It’s “Comics 101” with Visiting Artist at St. Joseph’s Indian School

A recent visiting artist visit had students exploring their comic book creativity.

Fourth through seventh-grade students at St. Joseph’s Indian School let their imaginations loose in the wonderful world of comics led by visiting artist Dylan Jacobson the week of October 17.

If you think that is just silly business, consider that the comic book industry is experiencing a surge in growth and diversity.

As expected, storyteller and comic artist Jacobson had an anything-but-dull approach. Art classes met two or three times during the week and began with a game “to get into the headspace of a comic character.”

The story template was, “I am an adjective noun who verbs, and my name is blank.”

Comic artist and illustrator, Dylan Jacobson, leads students through the process of comic book creation from start to finish.

Jacobson invited students to focus on each aspect intensely. Adjective: What is the character like – funny, fierce, strong, angry? Noun: What will their character look like? Verb: What does the character do?

Some students conjured up entirely new characters, like the mustachioed hamburger designed by one student named Gunner. Others focused on old favorites like SpongeBob SquarePants.

The students’ work will be published as a book and available in the St. Joseph’s Indian School library for continued enjoyment.

The move to illustration followed. Jacobson counseled the students, “Don’t be afraid to make mistakes.”

His sentiment is echoed on Rachel Art classroom wall at St. Joseph’s Indian School, “We turn our mistakes into masterpieces.”

Students practiced drawing their comic book characters through the method of first drawing simple shapes.

The visiting artist walked students through a trade trick.

“All comic characters are made of simple shapes,” he explained, adding that this technique allows them to be drawn repeatedly in flexible but recognizable ways. The three circles that are the foundation of Mickey Mouse became a simple example. He advised that, with practice, this trick becomes evident over time.

Perhaps best of all, the students’ work will be published as a book and available in the school library for continued enjoyment.

The visit was made possible in part through the South Dakota Arts Council Artists in Schools & Communities (AISC). AISC is a residency program for K-12 schools and community organizations, with matching funds from the South Dakota Arts Council.

Author: St. Joseph's Indian School

At St. Joseph's Indian School, our privately-funded programs for Lakota (Sioux) children in need have evolved over 90 years of family partnership, experience and education. Because of generous friends who share tax-deductible donations, Native American youth receive a safe, stable home life; individual counseling and guidance; carefully planned curriculum based on Lakota culture and individual student needs and tools to help build confidence, boost self-esteem and improve cultural awareness. All of this helps children to live a bright, productive, possibility-filled future.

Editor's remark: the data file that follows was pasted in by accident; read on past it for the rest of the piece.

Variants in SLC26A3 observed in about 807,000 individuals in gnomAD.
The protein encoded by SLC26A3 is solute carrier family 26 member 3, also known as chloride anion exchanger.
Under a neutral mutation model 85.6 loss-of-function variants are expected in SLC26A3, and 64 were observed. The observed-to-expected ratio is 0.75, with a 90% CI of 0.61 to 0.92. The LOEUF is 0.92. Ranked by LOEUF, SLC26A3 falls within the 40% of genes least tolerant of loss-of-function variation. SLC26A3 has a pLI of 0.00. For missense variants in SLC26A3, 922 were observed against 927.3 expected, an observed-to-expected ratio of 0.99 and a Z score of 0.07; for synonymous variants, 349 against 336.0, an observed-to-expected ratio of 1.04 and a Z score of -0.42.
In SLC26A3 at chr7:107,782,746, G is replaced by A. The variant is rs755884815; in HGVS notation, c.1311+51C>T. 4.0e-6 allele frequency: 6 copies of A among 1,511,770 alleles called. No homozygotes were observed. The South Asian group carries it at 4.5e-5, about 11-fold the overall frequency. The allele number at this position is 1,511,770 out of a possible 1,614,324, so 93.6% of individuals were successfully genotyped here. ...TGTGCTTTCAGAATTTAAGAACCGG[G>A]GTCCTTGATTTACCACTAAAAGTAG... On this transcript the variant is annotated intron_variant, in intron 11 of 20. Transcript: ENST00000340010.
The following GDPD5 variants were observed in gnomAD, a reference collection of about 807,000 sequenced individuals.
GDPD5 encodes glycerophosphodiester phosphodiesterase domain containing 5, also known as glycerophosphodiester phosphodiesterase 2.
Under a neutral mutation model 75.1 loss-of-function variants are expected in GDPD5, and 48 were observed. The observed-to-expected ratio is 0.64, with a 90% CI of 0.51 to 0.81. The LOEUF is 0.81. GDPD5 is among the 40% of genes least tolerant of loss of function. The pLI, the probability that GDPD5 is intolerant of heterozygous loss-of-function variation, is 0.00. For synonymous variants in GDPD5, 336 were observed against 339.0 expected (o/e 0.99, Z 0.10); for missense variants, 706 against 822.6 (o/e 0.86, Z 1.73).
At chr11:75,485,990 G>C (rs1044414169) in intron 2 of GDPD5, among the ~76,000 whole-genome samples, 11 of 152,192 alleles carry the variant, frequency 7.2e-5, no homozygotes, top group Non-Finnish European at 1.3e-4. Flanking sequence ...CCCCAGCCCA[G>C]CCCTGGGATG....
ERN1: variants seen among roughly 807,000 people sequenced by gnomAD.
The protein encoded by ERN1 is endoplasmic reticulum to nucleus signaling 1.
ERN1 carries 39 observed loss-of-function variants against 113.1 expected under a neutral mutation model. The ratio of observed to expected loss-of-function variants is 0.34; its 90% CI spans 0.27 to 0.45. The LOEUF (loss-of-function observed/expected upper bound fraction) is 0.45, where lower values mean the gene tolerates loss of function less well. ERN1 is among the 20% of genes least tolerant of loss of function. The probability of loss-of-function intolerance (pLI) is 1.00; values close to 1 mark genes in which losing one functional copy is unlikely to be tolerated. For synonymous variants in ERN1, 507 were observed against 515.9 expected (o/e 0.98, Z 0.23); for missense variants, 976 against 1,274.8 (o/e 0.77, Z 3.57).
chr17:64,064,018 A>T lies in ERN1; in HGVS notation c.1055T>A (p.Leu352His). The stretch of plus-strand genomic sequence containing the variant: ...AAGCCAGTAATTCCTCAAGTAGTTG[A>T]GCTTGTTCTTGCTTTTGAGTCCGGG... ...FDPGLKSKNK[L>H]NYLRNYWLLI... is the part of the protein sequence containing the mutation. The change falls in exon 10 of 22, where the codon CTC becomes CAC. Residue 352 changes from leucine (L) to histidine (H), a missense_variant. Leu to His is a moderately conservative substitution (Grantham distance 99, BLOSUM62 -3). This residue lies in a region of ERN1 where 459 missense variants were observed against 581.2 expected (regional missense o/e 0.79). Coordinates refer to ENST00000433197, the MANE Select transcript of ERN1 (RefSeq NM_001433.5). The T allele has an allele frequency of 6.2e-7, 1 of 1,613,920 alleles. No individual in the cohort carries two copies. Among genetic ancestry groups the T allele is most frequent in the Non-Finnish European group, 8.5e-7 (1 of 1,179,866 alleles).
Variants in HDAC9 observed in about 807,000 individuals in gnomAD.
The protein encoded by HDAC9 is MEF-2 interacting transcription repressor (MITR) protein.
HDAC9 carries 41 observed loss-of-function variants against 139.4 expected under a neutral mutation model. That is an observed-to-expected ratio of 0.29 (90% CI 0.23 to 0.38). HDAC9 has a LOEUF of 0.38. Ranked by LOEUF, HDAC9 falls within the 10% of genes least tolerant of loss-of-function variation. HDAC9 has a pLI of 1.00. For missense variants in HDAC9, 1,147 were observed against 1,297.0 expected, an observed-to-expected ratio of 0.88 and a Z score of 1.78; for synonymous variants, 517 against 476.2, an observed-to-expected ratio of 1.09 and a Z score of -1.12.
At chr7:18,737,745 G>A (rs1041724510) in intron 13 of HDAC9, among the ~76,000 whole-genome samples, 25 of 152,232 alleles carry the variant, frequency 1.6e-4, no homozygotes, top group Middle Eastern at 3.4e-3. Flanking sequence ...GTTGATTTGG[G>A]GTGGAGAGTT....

3 thoughts on “It’s “Comics 101” with Visiting Artist at St. Joseph’s Indian School”

  1. Blessings, love to see the work the children do,, a long time supporter of St. Joseph,, thank you fir all the info!!

  2. Wonderful program… great to see something like this… I was an illustrator and commercial graphics artist for 65 years, and while I’m not all that active anymore, I haven’t lost interest. And to see this kind of thing being introduced for the clever, smart, talented Lakota children and seeing how they take to it is most rewarding. Years ago, I taught a class that offered those who thought they couldn’t “draw” a way to help them get to a place in their minds where they could not only draw, but do the kind of artwork they’d most love to do. It was a six week course for adults (only because it was offered through a college) and had many students at the final session bring their amazing works of art into the class to share in the honors of doing really good and expressive artwork and knowing they could continue to create beautiful and satisfying works for as long as they desired. And with the children, helping to steer their minds to the best most promising place for that kind of work, and them just doing it… again, so rewarding. For everyone! :-)))))))))))))))))))))))))

  3. I enjoyed reading the artical. I’ve been helping support the school and these articles give me a lot of on-site. Thank you for that!

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